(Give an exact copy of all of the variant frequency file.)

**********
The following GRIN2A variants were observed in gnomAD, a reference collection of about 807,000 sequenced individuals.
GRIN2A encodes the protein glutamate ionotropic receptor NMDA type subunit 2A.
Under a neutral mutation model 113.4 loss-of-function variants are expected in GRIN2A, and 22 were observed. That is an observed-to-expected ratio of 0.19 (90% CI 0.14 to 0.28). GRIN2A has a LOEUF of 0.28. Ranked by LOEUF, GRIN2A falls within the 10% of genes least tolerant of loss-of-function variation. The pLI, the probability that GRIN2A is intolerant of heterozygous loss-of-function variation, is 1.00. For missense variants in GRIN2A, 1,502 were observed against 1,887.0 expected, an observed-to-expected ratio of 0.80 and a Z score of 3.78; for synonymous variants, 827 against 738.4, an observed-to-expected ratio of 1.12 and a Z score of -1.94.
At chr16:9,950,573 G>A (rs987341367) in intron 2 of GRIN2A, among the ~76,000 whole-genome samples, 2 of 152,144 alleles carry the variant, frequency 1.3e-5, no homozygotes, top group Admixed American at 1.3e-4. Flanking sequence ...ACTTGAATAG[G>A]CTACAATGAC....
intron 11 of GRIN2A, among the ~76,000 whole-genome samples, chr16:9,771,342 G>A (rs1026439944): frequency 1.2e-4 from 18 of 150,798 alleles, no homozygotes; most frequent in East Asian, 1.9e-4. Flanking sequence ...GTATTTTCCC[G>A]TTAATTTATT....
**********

The following GRIN2A variants were observed in gnomAD, a reference collection of about 807,000 sequenced individuals.
GRIN2A encodes the protein glutamate ionotropic receptor NMDA type subunit 2A.
Under a neutral mutation model 113.4 loss-of-function variants are expected in GRIN2A, and 22 were observed. That is an observed-to-expected ratio of 0.19 (90% CI 0.14 to 0.28). GRIN2A has a LOEUF of 0.28. Ranked by LOEUF, GRIN2A falls within the 10% of genes least tolerant of loss-of-function variation. The pLI, the probability that GRIN2A is intolerant of heterozygous loss-of-function variation, is 1.00. For missense variants in GRIN2A, 1,502 were observed against 1,887.0 expected, an observed-to-expected ratio of 0.80 and a Z score of 3.78; for synonymous variants, 827 against 738.4, an observed-to-expected ratio of 1.12 and a Z score of -1.94.
At chr16:9,950,573 G>A (rs987341367) in intron 2 of GRIN2A, among the ~76,000 whole-genome samples, 2 of 152,144 alleles carry the variant, frequency 1.3e-5, no homozygotes, top group Admixed American at 1.3e-4. Flanking sequence ...ACTTGAATAG[G>A]CTACAATGAC....
intron 11 of GRIN2A, among the ~76,000 whole-genome samples, chr16:9,771,342 G>A (rs1026439944): frequency 1.2e-4 from 18 of 150,798 alleles, no homozygotes; most frequent in East Asian, 1.9e-4. Flanking sequence ...GTATTTTCCC[G>A]TTAATTTATT....